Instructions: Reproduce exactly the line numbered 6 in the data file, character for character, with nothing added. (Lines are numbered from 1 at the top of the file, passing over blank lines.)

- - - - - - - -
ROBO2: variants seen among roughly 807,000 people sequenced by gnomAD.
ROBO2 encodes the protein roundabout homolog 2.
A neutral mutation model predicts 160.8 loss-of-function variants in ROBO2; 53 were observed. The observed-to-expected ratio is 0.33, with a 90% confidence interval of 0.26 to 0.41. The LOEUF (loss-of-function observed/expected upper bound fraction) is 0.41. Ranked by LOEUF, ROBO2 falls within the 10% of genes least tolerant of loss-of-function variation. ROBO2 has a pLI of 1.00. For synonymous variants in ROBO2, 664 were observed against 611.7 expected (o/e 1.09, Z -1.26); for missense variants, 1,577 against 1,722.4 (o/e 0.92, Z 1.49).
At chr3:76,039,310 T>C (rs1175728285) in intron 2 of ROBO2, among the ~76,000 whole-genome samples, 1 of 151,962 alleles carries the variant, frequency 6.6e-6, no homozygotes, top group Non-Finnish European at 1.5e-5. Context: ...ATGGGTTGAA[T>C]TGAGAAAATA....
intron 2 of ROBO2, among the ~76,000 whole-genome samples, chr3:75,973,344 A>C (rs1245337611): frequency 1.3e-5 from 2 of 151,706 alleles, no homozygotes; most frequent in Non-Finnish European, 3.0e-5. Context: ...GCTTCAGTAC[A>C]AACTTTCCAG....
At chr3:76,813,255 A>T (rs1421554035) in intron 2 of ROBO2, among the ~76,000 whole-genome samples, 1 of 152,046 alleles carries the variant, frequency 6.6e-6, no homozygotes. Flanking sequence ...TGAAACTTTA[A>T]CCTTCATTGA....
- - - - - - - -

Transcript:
At chr3:76,813,255 A>T (rs1421554035) in intron 2 of ROBO2, among the ~76,000 whole-genome samples, 1 of 152,046 alleles carries the variant, frequency 6.6e-6, no homozygotes. Flanking sequence ...TGAAACTTTA[A>T]CCTTCATTGA....